FOREHEAD FLAP RECONSTRUCTION
THE FOREHEAD FLAP
has been performed for nasal reconstruction since approximately 800 B.C. It is considered the first documented surgery performed on humans.
This was first described in ancient India by Sushruta, considered the Indian "Father of Plastic Surgery". This flap was utilized to reconstruct nasal tip amputations, which were a common form of punishment at that time.
There are three layers that make up the nose: the outer skin, cartilage, and the interna skin. The more layers involved and missing, the more challenging the surgery.
If cartilage is missing, cartilage from your ear, inside your nose, or your rib may be used to reshape the nose.
If the internal nasal skin is missing, a more complicated surgery may require three stages over 12 weeks.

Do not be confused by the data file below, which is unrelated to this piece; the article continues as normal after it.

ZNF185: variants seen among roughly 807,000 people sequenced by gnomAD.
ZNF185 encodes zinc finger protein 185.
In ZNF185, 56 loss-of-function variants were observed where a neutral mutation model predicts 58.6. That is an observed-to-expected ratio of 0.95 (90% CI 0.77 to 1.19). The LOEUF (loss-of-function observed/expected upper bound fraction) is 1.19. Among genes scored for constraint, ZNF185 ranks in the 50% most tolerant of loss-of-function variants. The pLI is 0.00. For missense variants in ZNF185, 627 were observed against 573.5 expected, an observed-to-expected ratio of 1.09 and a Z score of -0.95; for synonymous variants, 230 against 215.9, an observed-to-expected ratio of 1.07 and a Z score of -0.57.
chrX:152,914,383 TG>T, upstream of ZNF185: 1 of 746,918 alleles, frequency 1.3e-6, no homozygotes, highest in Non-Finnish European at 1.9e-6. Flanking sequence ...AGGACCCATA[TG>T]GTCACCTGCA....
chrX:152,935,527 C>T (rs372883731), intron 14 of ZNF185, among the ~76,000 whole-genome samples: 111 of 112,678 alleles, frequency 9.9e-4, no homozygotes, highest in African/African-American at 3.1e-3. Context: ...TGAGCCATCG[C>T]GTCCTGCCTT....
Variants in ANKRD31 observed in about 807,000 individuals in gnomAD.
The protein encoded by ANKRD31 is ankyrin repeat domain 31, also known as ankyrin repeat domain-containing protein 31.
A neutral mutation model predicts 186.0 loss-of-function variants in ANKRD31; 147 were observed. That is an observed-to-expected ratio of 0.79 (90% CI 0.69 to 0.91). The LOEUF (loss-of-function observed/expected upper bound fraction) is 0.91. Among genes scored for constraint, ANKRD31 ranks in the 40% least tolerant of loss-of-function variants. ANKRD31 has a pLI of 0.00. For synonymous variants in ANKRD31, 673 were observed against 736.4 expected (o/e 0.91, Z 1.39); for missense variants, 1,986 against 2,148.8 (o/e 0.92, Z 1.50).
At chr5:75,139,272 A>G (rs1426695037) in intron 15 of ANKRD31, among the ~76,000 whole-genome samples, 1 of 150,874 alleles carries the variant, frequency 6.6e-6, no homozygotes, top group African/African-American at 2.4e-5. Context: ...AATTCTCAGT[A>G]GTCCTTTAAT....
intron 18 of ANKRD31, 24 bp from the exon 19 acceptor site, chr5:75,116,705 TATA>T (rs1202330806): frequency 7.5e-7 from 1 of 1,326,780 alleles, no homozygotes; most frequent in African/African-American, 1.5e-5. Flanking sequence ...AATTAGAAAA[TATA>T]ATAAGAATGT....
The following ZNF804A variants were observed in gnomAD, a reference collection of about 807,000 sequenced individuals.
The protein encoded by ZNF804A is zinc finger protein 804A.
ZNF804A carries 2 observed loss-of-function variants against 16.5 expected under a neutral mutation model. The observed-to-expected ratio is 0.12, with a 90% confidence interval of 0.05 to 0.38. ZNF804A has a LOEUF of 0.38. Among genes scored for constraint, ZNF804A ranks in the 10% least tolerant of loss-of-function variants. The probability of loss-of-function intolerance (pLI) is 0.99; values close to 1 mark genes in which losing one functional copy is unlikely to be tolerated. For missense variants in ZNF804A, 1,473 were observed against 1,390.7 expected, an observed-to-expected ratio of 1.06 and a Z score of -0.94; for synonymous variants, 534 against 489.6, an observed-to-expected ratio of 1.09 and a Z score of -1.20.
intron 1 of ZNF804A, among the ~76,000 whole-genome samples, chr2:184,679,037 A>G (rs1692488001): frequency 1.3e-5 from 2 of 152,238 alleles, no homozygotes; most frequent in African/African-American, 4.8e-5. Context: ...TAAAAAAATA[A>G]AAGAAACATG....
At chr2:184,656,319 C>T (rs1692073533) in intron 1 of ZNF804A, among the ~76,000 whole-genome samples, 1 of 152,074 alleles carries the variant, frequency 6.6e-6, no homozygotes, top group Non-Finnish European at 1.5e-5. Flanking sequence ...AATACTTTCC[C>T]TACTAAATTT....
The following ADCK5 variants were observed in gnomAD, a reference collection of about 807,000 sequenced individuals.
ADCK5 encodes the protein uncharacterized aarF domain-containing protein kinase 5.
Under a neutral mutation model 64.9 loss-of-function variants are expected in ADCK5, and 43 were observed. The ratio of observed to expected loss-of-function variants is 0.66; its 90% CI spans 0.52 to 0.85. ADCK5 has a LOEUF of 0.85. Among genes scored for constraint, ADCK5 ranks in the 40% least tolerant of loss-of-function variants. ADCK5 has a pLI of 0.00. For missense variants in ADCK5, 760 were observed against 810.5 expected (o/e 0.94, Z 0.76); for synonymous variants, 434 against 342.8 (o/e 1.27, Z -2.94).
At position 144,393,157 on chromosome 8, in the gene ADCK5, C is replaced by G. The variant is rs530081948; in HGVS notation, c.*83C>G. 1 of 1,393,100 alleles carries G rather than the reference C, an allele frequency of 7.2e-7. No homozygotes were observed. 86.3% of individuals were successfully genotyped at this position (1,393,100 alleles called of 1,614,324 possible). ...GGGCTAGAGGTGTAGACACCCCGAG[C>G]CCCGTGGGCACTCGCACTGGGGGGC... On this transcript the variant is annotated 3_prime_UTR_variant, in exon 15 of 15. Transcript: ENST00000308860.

Ultimately every reconstruction is unique and requires a customized approach to achieve the best possible outcome.
COMPLICATIONS AND CONCERNS
Major complications are very rare. In less than 0.5% of cases, the forehead flap may not survive. This occurs almost exclusively in smokers, and the risk is reduced even further if smoking is stopped 6 weeks before and 6 weeks after the final stage. Infection is also very rare, and can be treated with oral antibiotics.
Before stalk division, touching the flap will feel like touching your forehead. After stalk division, it will feel numb for 1-2 years. Over time, the nerves will regenerate and the "new" skin will feel normal.
Before division, wearing glasses will be difficult. You will need to use contacts or a magnifying glass.
In rare cases, a small amount of hair may be transferred onto the flap. Once healed, this may be treated with topical hair remover, or laser hair removal.
For more information, please see the "Forehead Flap Instruction Sheet" in the Forms section.
FOREHEAD FLAP HEALING